Over the weekend, 17 Minnesotans were selected in the 2017 NHL entry draft–three in the first round for the first time since 2010.
Over the weekend, 17 Minnesotans were selected in the 2017 NHL Entry Draft – three in the first round for the first time since 2010.
But what sets guys like Casey Mittelstadt (selected at No. 8 overall by the Buffalo Sabres), Ryan Poehling (selected at No. 25 by the Montreal Canadiens) or Jake Oettinger (No. 26 by the Dallas Stars) apart of the rest? What makes them stand out?
“There are a lot of factors that go into why these players are elite,” said Pat Westrum, Minnesota Hockey’s District 6 Coach-in-Chief and amateur scout for the Montreal Canadiens.
Westrum, a retired professional player himself, has watched and evaluated countless players around the world. He regales us on what exactly an NHL scout looks for in a player, and offers tips on how to bring your game to that level.
Skating, Skating, Skating
The difference between a good hockey player and a great one can often be seen in his or her skating ability. A player’s quickness, agility, power and balance are on full display at all times in the professional ranks, and well before.
“That quick start on the ice can be everything,” Westrum said. “Not so much when they’re younger, but as they get older they should really be working on the plyometric stuff, a lot of jumping and hopping.”
For younger players at 8U and 10U, balance and coordination are the main keys. Games of tag, agility or obstacle courses all promote strength in speed and skating while keeping the important element of fun. At 12U, off-ice drills and exercises can be mixed in with all on-ice skating drills to improve leg strength and optimize power when on the ice.
Westrum notes that just because you make the A team or varsity or even the pros, that doesn’t mean the work stops. Even players Zach Parise and Nick Leddy are constantly working on skating.
“Skating is a skill that should be continuously worked on,” Westrum said. “It’s a skill that can always be improved.”
Work Ethic and Character
A player that is willing to give 100 percent every game, shift, practice and drill is well preferred over a player who coasts through the motions, no matter the skill and talent level.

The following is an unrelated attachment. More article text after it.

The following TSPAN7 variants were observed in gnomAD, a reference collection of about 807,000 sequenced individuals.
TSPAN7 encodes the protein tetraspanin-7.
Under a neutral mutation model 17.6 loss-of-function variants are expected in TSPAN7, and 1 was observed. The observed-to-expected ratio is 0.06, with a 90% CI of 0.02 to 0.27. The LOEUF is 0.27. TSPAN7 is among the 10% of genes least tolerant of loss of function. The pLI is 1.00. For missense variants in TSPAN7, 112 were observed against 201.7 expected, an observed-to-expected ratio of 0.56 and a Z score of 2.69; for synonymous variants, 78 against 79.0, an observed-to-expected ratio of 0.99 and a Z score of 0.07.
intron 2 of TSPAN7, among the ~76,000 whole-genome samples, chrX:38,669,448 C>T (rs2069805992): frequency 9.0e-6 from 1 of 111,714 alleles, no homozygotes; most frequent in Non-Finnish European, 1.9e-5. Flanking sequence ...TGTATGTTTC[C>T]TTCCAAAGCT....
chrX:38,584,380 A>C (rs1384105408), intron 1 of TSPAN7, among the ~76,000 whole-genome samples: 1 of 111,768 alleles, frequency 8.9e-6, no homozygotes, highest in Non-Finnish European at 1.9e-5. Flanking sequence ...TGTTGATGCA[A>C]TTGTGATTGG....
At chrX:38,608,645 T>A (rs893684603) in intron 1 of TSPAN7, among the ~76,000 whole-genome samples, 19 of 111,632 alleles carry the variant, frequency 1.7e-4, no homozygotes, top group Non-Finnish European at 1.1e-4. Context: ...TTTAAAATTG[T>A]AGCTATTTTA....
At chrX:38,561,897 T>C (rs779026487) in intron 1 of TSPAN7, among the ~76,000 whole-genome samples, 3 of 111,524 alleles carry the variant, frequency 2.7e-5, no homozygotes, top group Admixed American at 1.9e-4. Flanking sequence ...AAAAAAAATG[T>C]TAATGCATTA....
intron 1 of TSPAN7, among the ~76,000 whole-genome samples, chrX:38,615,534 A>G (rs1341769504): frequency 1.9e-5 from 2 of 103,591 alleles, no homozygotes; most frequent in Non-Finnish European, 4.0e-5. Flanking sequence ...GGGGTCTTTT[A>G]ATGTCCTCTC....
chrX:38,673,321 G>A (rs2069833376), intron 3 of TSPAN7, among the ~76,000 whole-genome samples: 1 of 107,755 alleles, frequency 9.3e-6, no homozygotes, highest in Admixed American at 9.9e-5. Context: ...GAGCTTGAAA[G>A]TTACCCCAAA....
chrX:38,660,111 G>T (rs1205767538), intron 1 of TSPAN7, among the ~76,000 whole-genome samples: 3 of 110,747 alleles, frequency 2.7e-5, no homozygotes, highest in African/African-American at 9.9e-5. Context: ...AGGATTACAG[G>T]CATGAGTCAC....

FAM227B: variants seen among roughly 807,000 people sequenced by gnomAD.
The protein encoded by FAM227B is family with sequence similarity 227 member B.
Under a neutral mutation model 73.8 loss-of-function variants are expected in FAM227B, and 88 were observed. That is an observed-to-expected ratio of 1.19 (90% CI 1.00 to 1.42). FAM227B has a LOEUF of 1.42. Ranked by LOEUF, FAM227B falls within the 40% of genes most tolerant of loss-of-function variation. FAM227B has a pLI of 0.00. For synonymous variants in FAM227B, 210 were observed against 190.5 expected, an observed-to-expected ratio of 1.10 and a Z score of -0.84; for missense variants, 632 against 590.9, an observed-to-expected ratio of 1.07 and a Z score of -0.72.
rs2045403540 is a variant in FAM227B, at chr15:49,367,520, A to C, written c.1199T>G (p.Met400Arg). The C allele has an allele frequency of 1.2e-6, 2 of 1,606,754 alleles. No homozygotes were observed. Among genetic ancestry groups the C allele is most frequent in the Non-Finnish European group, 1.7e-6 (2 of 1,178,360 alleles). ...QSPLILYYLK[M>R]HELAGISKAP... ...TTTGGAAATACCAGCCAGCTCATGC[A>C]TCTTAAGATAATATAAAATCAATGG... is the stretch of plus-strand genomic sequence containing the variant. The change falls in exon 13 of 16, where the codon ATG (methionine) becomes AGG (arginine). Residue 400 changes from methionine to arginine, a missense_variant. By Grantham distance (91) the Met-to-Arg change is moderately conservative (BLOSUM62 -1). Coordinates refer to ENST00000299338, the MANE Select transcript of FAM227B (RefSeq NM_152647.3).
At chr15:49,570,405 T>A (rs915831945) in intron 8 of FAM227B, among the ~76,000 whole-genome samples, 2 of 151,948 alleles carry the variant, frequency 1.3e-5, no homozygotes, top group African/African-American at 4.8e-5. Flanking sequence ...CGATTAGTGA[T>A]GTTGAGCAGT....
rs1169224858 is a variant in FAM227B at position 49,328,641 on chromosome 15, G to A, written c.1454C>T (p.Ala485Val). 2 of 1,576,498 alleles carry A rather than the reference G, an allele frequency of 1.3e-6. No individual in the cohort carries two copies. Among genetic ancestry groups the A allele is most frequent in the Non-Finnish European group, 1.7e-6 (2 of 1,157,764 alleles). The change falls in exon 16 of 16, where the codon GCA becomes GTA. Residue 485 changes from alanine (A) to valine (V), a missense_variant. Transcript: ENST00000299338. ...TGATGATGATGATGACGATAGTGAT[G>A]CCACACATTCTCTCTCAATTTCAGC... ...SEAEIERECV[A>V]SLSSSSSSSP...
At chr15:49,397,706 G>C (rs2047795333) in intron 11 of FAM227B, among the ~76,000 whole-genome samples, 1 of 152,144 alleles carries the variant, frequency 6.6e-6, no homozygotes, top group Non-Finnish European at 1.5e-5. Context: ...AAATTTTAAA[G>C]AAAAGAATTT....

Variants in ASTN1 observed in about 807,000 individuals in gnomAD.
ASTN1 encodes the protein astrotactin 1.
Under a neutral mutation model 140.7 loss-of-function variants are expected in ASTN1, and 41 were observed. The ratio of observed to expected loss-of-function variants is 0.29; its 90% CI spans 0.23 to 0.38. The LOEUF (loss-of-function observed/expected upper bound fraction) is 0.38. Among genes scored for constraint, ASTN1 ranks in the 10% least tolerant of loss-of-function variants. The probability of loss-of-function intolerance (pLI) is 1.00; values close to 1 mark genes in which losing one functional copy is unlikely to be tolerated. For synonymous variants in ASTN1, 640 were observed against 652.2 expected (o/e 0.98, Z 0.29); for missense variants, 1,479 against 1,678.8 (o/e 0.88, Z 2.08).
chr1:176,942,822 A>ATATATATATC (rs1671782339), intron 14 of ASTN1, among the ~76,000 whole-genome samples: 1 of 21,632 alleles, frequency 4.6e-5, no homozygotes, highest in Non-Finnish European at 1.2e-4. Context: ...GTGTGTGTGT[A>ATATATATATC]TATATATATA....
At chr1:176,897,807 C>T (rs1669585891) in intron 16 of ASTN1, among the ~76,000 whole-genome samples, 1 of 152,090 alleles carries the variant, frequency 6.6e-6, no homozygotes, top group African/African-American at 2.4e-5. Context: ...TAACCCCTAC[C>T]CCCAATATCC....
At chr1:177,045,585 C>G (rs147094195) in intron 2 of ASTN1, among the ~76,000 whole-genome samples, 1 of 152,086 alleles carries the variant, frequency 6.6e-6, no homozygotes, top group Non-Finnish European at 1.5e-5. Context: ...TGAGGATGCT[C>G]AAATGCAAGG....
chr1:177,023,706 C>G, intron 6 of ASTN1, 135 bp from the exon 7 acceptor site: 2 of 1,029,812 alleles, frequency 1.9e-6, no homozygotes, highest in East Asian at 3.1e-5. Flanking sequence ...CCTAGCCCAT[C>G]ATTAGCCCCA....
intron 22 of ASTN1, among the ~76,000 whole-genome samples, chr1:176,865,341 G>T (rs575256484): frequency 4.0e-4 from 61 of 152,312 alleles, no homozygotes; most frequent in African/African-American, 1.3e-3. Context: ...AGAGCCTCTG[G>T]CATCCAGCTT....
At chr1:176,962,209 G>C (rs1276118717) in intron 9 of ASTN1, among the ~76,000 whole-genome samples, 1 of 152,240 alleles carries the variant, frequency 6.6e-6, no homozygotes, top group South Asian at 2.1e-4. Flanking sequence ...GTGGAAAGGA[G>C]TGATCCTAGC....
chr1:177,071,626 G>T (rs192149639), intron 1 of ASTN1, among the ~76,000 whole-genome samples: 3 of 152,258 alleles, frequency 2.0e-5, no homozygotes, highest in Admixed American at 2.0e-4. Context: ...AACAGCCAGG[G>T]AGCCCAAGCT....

“I always tell the younger kids, you’ve got to play hard every game and every shift,” said Westrum. “When you get to be 16 years old, there are people that are watching and coming in to the area that don’t come in often. If you have a bad game, it’s sometimes hard to get back in the good graces, so you want to be as consistent as possible in your effort.”
And be sure to watch how you’re acting on and off the ice, too. Getting upset on the bench over a bad play or call will be noticed by those with clipboards in the crowd.
“Your body language says a lot about your character, good or bad,” he said. “If you’re banging your stick or shaking your shoulders at something the coach or official said, that’s not a good sign either as far as viewing a player.”
Does it matter that you weren’t an A-player beginning at 8U and all the way up to the pros? According to Westrum, “absolutely not.”
New York Rangers and Olympian Ryan McDonagh didn’t make the A team his first year as a Squirt. While all of Minnesotans selected in the 2017 NHL Draft participated in the CCM High Performance (“HP”) programs at some point, not all of them experience success right away. In fact, Mittelstadt, who was the first American taken in this year’s draft, didn’t make his district team during HP 15 tryouts.
“The team I coached in Apple Valley that won the state tournament, every one of those kids played C hockey at one time and they slowly developed their way up,” Westrum said. “We don’t look at what they did when they were 13, 14, 15 years old. We have to judge what they are going to be able to do as they get older.”
For Westrum, knowing the game can say more than just playing the game.
“Hockey sense is right up there near the top of important skills,” he said. “Knowing how to play the game and the anticipation. Knowing what space to go to and what space to take away, time and space.
“You have to be able to have the vision to look and see what’s going on behind you and what’s in front of you. Some players, they just don’t see that. They shoot or pass into shin pads where the high-end guys know when to chip it off the boards. They have to be able to see what’s going on and be able to move the puck quickly.”
According to Westrum, the biggest difference in kids today is the lack of multisport athletes.
“Kids today are only playing one sport and they’re not learning how to play other sports,” said Westrum. “Let’s say you play tennis, you have to run up and down, visualize where to hit the ball. In baseball, it’s about cutting off the ball in the outfield and running back. Football you have a similar physicality to hockey and lacrosse – it’s all about hand-eye coordination.
“Ultimately, they all come back to a sport sense and being able to understand so you can see what’s going to happen.”
Kids need a break from hockey. Scouts are seeing the perils of early specialization.
“A lot of our kids are starting at 9 or 10 years old playing just one sport and they are using the same muscles over and over,” he added. “You can see that exhausting physically and mentally in players. In the long run, it doesn’t work out.”
Ultimately Westrum wants to remind players and parents that it’s not easy to make it to the NHL. It is easy to be the best player that you can be at every level – and to have fun!
“The NHL is a great dream to have and a great goal to reach for,” he said. “But at the end of the day, it’s not the only goal to reach for. Play hockey because you love to play. Don’t worry about making it a career when you’re little.”